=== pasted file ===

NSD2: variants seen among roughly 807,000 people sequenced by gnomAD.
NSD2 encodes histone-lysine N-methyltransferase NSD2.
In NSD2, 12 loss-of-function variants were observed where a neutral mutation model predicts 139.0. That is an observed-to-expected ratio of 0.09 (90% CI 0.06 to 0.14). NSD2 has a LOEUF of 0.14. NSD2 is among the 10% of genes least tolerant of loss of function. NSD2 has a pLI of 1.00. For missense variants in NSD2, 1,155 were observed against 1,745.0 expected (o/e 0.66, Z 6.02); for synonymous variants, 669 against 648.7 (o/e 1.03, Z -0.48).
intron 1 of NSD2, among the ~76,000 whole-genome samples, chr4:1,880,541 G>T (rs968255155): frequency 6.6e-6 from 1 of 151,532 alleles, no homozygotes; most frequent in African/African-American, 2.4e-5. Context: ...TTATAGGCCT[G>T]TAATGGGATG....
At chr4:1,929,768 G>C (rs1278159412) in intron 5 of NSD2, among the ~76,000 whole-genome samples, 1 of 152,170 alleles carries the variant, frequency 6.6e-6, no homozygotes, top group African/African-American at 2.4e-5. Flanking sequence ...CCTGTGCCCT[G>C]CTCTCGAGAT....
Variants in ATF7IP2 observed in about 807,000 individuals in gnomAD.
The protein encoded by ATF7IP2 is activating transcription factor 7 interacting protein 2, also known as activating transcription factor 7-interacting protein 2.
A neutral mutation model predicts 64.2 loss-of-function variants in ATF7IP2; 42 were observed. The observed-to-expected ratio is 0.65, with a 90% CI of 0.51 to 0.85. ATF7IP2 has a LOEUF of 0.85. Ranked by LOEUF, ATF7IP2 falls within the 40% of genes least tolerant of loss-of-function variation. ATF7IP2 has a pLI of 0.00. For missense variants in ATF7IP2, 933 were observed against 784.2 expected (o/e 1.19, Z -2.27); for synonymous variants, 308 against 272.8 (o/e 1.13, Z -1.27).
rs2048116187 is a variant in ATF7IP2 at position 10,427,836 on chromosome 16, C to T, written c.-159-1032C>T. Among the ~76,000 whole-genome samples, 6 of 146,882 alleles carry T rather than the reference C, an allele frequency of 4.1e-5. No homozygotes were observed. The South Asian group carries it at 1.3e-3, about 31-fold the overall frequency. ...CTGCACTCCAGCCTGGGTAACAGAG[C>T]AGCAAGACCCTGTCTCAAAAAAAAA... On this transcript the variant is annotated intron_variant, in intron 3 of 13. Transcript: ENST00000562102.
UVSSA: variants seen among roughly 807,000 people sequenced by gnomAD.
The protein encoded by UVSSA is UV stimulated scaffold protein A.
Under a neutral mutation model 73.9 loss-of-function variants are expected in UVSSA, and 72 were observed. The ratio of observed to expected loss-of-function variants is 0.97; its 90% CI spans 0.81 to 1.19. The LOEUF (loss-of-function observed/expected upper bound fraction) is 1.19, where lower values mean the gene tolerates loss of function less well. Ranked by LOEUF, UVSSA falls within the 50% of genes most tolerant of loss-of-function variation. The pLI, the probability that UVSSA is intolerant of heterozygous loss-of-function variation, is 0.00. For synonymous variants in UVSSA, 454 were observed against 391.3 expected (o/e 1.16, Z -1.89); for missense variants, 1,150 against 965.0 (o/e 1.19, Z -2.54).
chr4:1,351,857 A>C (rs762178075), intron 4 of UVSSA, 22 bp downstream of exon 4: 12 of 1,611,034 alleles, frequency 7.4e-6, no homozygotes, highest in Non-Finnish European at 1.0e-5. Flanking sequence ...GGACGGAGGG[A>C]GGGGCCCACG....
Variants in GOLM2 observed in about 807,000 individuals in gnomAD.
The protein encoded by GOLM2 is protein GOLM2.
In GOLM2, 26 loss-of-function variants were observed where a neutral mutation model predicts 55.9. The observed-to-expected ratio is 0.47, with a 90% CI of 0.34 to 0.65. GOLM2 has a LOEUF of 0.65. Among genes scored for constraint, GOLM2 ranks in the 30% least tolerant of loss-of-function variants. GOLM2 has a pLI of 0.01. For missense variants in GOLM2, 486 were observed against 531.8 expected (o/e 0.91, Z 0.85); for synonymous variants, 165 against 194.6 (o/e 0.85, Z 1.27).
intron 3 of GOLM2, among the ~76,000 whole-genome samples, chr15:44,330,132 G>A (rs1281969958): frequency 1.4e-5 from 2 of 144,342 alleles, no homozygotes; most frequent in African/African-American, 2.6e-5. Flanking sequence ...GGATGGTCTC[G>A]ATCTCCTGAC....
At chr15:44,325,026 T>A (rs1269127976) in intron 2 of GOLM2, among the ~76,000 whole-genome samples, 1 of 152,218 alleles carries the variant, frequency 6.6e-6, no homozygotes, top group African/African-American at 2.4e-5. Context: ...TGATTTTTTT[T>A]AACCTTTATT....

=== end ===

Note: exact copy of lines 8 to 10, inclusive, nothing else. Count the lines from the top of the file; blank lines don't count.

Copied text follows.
A neutral mutation model predicts 64.2 loss-of-function variants in ATF7IP2; 42 were observed. The observed-to-expected ratio is 0.65, with a 90% CI of 0.51 to 0.85. ATF7IP2 has a LOEUF of 0.85. Ranked by LOEUF, ATF7IP2 falls within the 40% of genes least tolerant of loss-of-function variation. ATF7IP2 has a pLI of 0.00. For missense variants in ATF7IP2, 933 were observed against 784.2 expected (o/e 1.19, Z -2.27); for synonymous variants, 308 against 272.8 (o/e 1.13, Z -1.27).
rs2048116187 is a variant in ATF7IP2 at position 10,427,836 on chromosome 16, C to T, written c.-159-1032C>T. Among the ~76,000 whole-genome samples, 6 of 146,882 alleles carry T rather than the reference C, an allele frequency of 4.1e-5. No homozygotes were observed. The South Asian group carries it at 1.3e-3, about 31-fold the overall frequency. ...CTGCACTCCAGCCTGGGTAACAGAG[C>T]AGCAAGACCCTGTCTCAAAAAAAAA... On this transcript the variant is annotated intron_variant, in intron 3 of 13. Transcript: ENST00000562102.
UVSSA: variants seen among roughly 807,000 people sequenced by gnomAD.